Foods rich in Zinc: oysters, beef, oatmeal, mushrooms, chicken, hemp seeds, lentils, seeds, yogurt

Guest Blogger Nicole Printon holds certifications through WITs (personal training), ACE (Certified Health Coach with Behavior Change Specialty, and Group Fitness), and is currently pursuing a Master’s in Holistic Nutrition Therapy through Nutrition Therapy Institute.  She is completing her first 200 hour yoga teacher training mid May. She truly believes that fitness is the gateway to confidence, personal growth, and endless possibilities to live our most vibrant optimal lives. Nicole resides in Franklin Park with her 4 kids, 3 cats, and husband.

www.nicoleprinton.com

What is Your Dharma?

There are many interpretations of the meaning of the word, Dharma. For this purpose, we’ll call it truth. What do you hear when your thoughts become silent? What visions do you see? Have you come to the full realization of your true gifts?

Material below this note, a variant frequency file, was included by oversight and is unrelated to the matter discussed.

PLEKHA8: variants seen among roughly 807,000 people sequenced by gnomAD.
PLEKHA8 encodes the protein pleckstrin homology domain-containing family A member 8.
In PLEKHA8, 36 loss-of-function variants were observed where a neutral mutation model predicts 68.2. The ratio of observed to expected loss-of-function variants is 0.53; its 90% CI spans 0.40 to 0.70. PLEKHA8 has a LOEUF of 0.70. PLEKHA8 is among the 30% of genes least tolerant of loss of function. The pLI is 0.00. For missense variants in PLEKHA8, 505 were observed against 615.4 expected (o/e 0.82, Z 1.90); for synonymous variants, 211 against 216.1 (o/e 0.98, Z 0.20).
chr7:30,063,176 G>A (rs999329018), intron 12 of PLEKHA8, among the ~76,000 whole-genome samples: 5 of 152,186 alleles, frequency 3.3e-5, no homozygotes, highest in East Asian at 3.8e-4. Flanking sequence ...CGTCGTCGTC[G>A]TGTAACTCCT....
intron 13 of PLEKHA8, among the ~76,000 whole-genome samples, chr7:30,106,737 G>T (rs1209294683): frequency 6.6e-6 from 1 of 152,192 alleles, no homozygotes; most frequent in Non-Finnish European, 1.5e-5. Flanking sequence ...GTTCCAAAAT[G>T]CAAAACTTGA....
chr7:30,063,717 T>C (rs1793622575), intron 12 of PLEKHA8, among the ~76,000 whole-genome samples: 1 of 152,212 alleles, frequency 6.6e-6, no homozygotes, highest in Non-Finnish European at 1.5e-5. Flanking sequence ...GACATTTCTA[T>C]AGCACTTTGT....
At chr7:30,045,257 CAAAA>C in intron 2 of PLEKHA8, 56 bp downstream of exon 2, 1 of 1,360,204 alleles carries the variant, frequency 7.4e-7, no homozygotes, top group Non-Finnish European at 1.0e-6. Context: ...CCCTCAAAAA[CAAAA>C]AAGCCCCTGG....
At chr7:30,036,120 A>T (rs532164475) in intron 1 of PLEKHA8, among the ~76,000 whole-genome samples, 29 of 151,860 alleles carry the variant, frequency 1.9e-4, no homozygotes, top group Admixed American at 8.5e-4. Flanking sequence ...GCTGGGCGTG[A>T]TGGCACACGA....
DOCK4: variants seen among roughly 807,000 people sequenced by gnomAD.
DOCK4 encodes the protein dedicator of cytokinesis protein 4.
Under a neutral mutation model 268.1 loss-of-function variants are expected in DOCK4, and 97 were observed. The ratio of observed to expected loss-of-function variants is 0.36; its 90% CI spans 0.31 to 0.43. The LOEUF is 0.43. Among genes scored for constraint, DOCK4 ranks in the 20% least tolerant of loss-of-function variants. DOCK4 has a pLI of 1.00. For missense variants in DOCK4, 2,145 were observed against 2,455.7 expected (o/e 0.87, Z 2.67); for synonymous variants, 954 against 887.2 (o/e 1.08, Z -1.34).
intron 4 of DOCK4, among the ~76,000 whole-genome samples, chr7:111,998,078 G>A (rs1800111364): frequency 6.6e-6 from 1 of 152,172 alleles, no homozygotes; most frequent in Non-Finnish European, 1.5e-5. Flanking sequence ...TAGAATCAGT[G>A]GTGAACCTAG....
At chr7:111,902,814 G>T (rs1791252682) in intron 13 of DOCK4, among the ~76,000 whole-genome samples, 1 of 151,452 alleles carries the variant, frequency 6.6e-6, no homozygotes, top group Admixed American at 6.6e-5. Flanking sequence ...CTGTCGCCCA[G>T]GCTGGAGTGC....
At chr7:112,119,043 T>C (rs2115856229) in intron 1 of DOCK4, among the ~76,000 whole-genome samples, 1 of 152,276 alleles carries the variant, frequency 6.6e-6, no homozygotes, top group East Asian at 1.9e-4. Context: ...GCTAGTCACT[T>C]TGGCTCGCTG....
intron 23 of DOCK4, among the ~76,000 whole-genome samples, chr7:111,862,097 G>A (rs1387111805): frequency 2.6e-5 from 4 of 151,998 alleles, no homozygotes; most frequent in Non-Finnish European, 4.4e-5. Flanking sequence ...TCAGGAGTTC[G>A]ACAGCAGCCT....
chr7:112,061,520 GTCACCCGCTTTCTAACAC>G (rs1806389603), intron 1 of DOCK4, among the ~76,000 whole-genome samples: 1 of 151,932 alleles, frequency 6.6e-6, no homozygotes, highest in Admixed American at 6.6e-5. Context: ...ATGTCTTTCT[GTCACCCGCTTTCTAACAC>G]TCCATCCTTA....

We all have these labels: Mother, Father, Daughter, Son, Wife, Husband…but what is left when these labels fade away? What IS your true essence? Your destiny. You may be searching. But the answer isn’t very far away. Just listen.

It’s possible I was born a yogi. Or, maybe it was a past life? When I was about 12 years old, I wrote this poem. Questioning, seeking…

Am I Really Here?

A figment of reality.

A belief within the mind.

A true to life suggestion,

that truth is really blind.

A plan of people living,

a sight that isn’t seen.

My life I see before me.

Am I really here?